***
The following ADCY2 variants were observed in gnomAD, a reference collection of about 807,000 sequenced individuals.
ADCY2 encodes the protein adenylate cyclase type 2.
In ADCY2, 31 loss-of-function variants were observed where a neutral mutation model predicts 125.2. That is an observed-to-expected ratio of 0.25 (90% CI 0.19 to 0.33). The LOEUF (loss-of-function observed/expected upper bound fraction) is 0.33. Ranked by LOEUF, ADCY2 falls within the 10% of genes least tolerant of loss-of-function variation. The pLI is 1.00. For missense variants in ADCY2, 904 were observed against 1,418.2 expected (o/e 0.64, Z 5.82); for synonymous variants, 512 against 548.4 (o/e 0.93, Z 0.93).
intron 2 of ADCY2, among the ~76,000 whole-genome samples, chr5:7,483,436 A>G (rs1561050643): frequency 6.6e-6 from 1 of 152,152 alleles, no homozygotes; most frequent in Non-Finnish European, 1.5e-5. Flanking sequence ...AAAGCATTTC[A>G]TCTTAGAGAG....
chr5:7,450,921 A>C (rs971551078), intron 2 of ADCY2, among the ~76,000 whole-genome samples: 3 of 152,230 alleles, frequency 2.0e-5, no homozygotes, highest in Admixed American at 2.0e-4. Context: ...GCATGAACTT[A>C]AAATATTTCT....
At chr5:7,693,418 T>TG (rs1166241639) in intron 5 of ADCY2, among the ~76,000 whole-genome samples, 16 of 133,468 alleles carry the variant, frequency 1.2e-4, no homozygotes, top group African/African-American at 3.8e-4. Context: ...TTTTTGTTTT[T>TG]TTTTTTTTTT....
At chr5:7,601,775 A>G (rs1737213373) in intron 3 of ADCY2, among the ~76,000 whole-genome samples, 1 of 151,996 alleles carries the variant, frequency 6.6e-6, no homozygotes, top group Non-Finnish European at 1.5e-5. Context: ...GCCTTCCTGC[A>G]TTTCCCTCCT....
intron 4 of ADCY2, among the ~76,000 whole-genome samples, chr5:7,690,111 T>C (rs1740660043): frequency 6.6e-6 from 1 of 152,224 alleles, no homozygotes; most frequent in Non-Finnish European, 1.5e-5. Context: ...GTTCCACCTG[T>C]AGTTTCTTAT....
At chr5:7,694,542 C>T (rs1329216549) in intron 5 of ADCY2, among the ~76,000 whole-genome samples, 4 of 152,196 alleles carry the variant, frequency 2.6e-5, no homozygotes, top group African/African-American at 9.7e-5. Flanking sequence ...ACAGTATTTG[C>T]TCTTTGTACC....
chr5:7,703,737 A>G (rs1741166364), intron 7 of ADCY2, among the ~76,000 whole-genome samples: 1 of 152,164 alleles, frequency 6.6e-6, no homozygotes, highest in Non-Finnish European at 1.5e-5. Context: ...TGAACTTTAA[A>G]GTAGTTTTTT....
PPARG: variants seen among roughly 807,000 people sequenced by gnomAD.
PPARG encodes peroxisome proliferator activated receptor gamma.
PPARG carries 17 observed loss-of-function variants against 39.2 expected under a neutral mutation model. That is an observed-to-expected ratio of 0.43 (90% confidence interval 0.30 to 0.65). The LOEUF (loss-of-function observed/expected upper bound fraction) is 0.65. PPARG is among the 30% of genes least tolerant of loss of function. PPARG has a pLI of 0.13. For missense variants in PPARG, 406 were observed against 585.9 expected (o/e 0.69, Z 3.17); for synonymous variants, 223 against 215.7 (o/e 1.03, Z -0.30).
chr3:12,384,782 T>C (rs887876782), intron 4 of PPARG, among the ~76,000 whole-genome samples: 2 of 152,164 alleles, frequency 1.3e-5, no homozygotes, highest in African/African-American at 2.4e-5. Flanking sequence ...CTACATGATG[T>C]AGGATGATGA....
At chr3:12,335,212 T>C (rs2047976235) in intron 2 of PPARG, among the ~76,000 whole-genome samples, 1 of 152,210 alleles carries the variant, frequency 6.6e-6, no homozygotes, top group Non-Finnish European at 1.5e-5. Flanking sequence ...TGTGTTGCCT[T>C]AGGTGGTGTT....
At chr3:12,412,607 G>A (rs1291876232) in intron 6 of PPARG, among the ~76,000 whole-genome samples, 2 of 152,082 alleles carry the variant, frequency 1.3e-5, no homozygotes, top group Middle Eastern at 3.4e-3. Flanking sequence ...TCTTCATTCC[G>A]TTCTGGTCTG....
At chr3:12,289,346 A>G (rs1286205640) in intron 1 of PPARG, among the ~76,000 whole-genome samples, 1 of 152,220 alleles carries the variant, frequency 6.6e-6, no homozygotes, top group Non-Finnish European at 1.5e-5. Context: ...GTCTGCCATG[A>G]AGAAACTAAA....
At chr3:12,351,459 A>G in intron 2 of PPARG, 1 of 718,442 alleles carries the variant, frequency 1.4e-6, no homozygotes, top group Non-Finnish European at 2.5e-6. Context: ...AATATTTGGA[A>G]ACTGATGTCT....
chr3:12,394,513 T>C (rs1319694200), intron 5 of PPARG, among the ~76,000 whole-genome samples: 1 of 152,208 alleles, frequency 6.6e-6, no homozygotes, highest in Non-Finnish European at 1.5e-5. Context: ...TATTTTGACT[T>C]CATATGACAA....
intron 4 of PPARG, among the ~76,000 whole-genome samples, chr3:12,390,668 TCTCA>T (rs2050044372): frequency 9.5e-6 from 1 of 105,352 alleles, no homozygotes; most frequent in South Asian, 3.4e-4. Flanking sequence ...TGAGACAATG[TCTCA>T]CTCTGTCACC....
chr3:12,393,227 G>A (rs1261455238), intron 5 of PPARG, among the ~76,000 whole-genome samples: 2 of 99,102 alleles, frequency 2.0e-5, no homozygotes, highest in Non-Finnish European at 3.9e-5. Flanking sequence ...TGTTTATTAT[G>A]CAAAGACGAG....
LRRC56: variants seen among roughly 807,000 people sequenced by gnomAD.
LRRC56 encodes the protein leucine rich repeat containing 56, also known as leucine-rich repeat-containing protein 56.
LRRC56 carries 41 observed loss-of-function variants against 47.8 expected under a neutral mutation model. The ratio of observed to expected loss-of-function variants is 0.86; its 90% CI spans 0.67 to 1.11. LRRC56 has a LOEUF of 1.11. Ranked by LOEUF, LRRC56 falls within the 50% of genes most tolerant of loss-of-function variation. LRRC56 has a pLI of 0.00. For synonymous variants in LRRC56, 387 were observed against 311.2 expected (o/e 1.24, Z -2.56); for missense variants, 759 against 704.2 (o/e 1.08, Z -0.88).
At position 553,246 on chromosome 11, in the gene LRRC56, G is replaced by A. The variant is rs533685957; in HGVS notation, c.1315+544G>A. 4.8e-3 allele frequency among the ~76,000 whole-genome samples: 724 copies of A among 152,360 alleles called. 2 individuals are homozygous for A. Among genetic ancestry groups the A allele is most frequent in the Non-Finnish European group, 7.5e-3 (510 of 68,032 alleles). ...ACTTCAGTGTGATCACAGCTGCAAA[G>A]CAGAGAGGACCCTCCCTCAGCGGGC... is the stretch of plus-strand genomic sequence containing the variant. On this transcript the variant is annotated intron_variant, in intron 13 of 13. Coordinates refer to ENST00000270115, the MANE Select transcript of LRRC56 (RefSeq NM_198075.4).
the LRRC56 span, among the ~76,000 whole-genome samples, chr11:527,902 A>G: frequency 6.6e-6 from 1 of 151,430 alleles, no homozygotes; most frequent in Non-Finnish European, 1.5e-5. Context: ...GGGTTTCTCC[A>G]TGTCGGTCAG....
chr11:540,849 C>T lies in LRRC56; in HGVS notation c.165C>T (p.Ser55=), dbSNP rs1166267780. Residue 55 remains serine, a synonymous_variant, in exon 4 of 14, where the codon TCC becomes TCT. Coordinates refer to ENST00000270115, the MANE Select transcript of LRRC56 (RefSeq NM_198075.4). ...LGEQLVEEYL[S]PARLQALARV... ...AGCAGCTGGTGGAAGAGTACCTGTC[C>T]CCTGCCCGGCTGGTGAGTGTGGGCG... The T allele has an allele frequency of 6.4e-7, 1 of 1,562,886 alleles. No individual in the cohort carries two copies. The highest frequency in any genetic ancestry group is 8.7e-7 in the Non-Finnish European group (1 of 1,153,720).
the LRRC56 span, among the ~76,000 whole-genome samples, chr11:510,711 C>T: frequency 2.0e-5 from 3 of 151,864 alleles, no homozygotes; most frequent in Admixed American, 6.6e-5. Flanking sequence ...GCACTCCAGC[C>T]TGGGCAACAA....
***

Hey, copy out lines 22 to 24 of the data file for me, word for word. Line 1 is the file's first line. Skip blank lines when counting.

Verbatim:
LRRC56: variants seen among roughly 807,000 people sequenced by gnomAD.
LRRC56 encodes the protein leucine rich repeat containing 56, also known as leucine-rich repeat-containing protein 56.
LRRC56 carries 41 observed loss-of-function variants against 47.8 expected under a neutral mutation model. The ratio of observed to expected loss-of-function variants is 0.86; its 90% CI spans 0.67 to 1.11. LRRC56 has a LOEUF of 1.11. Ranked by LOEUF, LRRC56 falls within the 50% of genes most tolerant of loss-of-function variation. LRRC56 has a pLI of 0.00. For synonymous variants in LRRC56, 387 were observed against 311.2 expected (o/e 1.24, Z -2.56); for missense variants, 759 against 704.2 (o/e 1.08, Z -0.88).